Results

Of the 170 who were enrolled in the course, 28 left their positions during the course. Of those that completed the course (n=142), 106 completed the final course evaluation after one year. Of the 106 professionals, 22.6% (n=24) accessed the fifth module (or watched some classes, or participated in the discussion forum).

The professionals who accessed the fifth module (n=24) were predominantly female (79%), nurses (67%), aged >30 years (75%), had been professionally practicing in the national health system for over five years (Table 3).

Table 3 Characteristics of health professionals that accessed the fifth module of course (major health risk factors) and answered the questions about physical activity training (n=24)

a One missing information.

b Two missing information.

We had 14 responses to positive points and 12 responses about negative points of the course (Table 4).

Table 4 Summary of positive and negative points reported by professionals who accessed the module containing the physical activity training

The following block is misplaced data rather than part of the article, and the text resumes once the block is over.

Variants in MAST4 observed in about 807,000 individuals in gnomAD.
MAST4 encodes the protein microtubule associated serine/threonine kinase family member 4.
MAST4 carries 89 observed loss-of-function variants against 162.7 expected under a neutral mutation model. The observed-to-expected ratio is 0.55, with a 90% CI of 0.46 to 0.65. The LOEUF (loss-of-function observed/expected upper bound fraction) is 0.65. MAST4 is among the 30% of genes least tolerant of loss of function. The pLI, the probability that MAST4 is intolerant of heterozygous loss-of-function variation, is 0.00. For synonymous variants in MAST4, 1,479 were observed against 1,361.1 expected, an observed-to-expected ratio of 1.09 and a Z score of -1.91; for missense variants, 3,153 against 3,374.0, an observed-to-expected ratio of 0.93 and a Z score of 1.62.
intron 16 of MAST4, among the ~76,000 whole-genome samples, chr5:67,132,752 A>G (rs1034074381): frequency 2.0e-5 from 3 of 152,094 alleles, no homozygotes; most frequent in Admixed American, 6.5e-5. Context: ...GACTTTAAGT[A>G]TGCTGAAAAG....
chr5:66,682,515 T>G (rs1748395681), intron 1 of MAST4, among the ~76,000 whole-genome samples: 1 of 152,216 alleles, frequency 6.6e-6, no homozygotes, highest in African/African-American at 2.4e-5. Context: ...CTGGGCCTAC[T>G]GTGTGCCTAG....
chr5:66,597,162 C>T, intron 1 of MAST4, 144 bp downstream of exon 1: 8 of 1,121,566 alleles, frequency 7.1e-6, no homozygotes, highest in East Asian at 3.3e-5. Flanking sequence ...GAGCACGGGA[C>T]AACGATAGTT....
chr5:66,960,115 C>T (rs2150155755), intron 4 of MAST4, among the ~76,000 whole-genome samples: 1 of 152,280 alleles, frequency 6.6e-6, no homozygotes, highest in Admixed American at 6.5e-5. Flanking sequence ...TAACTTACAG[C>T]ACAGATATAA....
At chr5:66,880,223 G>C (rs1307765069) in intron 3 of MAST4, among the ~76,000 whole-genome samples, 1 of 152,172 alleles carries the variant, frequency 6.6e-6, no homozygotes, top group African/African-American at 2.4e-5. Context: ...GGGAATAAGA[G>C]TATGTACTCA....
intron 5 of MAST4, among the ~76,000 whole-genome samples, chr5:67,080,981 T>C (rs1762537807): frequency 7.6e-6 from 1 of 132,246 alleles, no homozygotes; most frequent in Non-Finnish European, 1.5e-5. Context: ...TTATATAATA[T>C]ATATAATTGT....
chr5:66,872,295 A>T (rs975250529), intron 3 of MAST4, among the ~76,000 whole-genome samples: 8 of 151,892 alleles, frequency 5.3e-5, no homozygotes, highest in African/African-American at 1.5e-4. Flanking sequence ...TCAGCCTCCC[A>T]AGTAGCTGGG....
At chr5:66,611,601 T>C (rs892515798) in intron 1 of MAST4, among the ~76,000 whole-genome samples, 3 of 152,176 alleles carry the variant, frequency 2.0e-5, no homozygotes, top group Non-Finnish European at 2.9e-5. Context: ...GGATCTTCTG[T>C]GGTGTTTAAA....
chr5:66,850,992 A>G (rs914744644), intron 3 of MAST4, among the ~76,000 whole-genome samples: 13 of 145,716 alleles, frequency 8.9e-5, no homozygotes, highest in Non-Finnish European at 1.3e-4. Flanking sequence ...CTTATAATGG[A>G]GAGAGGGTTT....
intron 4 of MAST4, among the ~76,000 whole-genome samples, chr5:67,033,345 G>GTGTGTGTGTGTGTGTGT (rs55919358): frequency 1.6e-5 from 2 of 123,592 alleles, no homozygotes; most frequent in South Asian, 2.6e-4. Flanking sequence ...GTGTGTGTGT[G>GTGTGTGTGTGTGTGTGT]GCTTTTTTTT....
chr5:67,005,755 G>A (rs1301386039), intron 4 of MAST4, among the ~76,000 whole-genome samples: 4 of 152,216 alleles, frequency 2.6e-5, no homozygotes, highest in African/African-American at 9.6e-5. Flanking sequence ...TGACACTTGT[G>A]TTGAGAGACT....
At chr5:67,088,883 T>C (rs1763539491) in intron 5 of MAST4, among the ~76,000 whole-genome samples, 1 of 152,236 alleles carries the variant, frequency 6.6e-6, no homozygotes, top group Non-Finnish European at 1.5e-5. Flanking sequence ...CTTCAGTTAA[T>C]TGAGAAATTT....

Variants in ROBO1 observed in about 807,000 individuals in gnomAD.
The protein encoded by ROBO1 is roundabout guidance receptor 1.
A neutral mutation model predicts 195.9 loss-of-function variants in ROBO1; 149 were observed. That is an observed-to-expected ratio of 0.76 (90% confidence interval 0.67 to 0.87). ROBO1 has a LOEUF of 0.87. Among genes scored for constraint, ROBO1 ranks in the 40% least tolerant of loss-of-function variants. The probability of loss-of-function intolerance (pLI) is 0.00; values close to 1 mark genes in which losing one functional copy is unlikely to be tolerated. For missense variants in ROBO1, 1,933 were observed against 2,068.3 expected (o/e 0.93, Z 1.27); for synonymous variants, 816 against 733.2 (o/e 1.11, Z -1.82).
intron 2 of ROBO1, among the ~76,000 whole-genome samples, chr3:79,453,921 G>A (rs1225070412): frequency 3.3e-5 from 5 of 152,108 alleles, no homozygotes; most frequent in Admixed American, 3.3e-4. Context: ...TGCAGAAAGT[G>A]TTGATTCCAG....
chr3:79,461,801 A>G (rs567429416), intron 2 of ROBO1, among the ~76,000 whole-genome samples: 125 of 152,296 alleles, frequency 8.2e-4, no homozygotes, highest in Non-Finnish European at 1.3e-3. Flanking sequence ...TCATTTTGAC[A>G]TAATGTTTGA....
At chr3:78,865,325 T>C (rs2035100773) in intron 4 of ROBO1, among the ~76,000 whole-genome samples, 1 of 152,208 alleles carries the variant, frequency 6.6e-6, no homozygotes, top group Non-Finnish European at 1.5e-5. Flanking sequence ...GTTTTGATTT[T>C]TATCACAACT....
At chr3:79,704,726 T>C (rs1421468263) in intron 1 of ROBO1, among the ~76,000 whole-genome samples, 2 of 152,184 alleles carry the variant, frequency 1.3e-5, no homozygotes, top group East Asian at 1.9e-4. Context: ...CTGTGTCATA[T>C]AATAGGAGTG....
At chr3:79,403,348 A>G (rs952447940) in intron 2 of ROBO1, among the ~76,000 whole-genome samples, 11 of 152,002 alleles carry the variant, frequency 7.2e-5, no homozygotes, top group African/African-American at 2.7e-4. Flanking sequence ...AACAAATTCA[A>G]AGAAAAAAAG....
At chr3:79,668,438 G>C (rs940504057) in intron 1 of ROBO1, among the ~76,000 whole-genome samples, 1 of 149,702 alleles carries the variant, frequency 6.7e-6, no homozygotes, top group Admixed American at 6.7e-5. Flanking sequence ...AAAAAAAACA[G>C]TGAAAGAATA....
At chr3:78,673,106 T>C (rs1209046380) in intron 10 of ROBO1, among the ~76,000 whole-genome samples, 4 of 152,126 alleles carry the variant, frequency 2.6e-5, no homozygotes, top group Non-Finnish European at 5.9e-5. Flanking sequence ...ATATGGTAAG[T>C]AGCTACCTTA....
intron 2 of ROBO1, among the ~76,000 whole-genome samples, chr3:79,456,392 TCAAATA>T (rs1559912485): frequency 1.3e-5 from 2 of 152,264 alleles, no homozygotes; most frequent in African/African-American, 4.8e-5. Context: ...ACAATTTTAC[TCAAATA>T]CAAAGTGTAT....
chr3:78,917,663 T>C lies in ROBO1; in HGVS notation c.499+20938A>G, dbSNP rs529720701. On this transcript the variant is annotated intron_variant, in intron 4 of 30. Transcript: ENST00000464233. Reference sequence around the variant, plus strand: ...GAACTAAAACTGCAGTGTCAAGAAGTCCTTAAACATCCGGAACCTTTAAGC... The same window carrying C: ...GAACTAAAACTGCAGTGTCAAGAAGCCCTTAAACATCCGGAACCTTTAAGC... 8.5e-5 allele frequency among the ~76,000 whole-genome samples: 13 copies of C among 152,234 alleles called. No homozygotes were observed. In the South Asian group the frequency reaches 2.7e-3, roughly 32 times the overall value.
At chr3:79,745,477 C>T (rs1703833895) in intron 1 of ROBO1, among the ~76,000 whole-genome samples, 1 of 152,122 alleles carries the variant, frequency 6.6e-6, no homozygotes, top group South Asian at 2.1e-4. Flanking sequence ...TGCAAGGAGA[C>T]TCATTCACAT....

The professionals highlighted the course approach focused on patient’s quality of life and well-being, disease prevention and health improvements. Other important topics raised by health professionals were information about physical activity in the aging process, and treatment and rehabilitation of diseases (Table 4).

Regarding the themes for improvement, these included the need for physical activity classes for professionals to experience physical activity practice first-hand, and the need to link physical activity counseling to the local venues that provide structured physical activity programs (Table 4).

Discussion